As a general rule, humans are social beings. We use communication to share information, express thoughts, values and needs with each other. This relationship begins from the moment we are born.
An Introduction to Speech Development
Newborn babies have different cries which is a unanimous form of communication. Most parents would be able to identify between a hungry cry and a pain cry even if the child was not their own. Over the following few months this evolves into the exchange of coos and squeaks that a baby may have with their caregiver.
By ten months, baby has more control over his “voice”, chatting with tones that are appropriate for context. High pitch, quick sounds when he is excited. Lower, drawn out tones when he is content.
At one year of age, a baby would be saying “mama” or/and “dada” and know who they are referring to.
Come 18 months of age, a baby would be able to say approximately 50 words. This includes, names, objects, feelings, places, colours etc. Fifty does sound like a big number but when you write all of baby’s words down, they do add up quickly. Typically, a toddler would be learning 5-6 new words each week. They are starting to hold conversations and are able to follow two step requests.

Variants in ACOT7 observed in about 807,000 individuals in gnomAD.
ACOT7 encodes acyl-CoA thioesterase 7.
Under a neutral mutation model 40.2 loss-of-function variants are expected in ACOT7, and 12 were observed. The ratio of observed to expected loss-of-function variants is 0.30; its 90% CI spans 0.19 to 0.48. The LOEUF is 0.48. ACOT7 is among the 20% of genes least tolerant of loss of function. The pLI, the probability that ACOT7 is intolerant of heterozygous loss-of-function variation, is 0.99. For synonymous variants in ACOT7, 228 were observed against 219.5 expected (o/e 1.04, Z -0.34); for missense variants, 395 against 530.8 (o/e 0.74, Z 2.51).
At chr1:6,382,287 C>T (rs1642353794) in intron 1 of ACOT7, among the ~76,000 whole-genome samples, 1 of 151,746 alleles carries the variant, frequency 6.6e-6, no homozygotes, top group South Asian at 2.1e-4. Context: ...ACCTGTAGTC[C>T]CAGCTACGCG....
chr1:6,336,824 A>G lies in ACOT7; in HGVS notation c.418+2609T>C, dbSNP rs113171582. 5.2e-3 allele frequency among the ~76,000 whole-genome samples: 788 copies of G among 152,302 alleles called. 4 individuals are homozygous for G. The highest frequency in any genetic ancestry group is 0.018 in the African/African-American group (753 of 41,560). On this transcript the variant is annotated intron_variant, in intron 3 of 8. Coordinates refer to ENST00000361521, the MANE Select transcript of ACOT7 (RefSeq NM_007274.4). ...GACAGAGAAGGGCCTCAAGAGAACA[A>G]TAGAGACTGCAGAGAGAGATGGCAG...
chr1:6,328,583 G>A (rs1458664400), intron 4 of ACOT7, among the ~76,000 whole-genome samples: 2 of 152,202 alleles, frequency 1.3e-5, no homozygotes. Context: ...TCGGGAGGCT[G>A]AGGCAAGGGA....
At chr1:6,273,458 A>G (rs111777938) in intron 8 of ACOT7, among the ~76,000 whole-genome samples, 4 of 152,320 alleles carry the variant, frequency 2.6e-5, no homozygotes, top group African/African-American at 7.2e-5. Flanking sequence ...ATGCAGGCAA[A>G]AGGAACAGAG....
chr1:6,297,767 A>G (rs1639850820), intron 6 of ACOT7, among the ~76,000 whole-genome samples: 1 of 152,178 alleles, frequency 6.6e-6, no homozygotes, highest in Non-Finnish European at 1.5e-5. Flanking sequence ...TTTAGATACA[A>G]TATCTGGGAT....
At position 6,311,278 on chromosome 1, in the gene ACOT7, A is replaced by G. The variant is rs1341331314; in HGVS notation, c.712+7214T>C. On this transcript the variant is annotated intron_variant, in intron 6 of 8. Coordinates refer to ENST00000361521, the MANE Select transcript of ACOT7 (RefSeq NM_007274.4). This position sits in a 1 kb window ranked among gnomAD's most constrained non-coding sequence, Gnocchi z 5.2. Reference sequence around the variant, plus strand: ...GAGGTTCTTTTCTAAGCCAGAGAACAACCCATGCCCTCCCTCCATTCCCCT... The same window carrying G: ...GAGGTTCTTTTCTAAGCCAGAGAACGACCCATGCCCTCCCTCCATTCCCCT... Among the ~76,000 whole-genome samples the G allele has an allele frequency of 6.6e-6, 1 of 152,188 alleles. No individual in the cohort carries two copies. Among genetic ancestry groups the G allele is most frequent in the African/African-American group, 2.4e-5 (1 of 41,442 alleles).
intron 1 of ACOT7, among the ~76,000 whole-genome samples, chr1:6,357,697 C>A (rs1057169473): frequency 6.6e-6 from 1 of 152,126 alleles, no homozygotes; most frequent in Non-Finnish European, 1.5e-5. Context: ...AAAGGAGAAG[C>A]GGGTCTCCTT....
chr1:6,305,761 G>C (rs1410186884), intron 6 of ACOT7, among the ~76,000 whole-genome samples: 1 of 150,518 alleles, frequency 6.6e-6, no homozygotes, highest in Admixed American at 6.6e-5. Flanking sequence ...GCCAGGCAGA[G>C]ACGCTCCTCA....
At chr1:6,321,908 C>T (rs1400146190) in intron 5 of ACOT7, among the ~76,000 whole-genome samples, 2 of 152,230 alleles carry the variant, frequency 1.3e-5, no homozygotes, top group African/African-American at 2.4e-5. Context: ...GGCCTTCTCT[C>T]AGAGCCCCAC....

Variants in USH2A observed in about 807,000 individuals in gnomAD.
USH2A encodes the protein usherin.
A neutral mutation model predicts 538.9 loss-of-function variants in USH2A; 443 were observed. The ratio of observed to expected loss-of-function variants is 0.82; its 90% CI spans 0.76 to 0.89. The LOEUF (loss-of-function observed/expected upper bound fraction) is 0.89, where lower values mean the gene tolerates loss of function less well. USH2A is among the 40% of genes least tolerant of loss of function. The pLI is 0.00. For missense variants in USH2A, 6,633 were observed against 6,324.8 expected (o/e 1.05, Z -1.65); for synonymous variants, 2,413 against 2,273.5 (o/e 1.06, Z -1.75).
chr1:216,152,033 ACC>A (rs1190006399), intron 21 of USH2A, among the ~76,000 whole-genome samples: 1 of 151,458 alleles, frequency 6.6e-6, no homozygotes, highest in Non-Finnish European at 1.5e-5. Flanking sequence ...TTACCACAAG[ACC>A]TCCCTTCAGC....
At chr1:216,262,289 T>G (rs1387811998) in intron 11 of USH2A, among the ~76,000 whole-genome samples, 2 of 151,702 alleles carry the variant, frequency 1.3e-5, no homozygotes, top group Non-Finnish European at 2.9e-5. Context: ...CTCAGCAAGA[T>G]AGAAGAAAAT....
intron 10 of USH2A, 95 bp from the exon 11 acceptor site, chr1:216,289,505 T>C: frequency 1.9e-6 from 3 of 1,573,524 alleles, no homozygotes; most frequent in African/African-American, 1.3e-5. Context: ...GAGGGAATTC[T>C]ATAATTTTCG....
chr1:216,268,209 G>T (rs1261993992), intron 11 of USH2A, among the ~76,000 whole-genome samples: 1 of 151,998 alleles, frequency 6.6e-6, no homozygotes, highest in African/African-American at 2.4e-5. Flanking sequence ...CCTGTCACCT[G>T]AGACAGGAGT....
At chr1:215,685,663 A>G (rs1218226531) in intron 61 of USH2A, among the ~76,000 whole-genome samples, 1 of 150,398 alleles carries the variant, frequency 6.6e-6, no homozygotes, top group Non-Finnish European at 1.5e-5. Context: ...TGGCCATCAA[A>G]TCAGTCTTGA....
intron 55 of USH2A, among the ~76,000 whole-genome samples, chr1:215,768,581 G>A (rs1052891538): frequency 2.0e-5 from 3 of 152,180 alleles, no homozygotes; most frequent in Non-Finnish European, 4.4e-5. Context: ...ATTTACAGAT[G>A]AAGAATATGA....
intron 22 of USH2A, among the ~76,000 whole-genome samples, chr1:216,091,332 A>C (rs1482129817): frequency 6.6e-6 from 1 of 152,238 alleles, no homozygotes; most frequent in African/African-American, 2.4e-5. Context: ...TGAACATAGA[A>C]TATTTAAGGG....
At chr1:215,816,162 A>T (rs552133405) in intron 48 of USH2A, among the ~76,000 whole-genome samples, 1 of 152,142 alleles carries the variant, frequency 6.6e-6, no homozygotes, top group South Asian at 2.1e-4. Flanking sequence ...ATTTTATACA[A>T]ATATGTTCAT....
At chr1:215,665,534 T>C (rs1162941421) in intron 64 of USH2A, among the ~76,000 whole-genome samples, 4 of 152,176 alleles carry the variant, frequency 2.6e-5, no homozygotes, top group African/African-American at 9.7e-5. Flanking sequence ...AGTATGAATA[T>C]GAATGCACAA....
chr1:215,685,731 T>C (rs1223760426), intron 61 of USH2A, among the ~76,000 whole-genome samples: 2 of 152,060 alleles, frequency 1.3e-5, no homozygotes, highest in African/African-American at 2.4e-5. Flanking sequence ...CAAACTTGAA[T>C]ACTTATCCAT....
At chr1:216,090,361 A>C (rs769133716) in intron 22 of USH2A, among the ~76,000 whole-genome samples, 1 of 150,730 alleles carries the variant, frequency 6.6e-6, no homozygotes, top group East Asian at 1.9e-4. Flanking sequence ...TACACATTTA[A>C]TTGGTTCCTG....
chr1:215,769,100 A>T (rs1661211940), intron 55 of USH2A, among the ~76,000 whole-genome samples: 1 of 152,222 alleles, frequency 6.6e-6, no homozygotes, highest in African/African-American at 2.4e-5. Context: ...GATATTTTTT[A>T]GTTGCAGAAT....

Between 18 and 24 months, your toddler vocabulary usually jumps from 50 words to 200-300! Then from 2 to 3 years, this number triples to 1000 words! At this age, they can generally communicate what they wish to say with ease.
How can you help your child develop their speech
The best tool that you may present to your child to assist in speech development is YOU!
Turn off screens, minimise background sounds and make time to read and engage in meaningful play with your children. Speech and language are learned skills. They are developed through social interaction, observation, listening, attending and through play with real people.
All these elements together are a recipe to encourage healthy development of speech and language. Stay tuned for 10 tips to assist your child in developing their speech and language skills!
Play ideas to encourage development
Animal figurines are handy for encouraging the development of different phonics through practising animal sounds.
These sounds are super fun to make and position the lips, tongue and jaw in different placement which is all transferable to the pronunciation of phonics and words.
Whistles are a useful tool to encourage tongue placement along with lip closure techniques which are important for the correct formation of specific sounds. Blowing encourages development of the muscles of the tongue, jaw, cheek and lips which all play a part in correct speech. This and a long wheeeeeeeeeeee of a whistle is a great workout for those diaphragm muscles which is important for prolonged speech. What child doesn’t LOVE a whistle anyway?!
Dani D x
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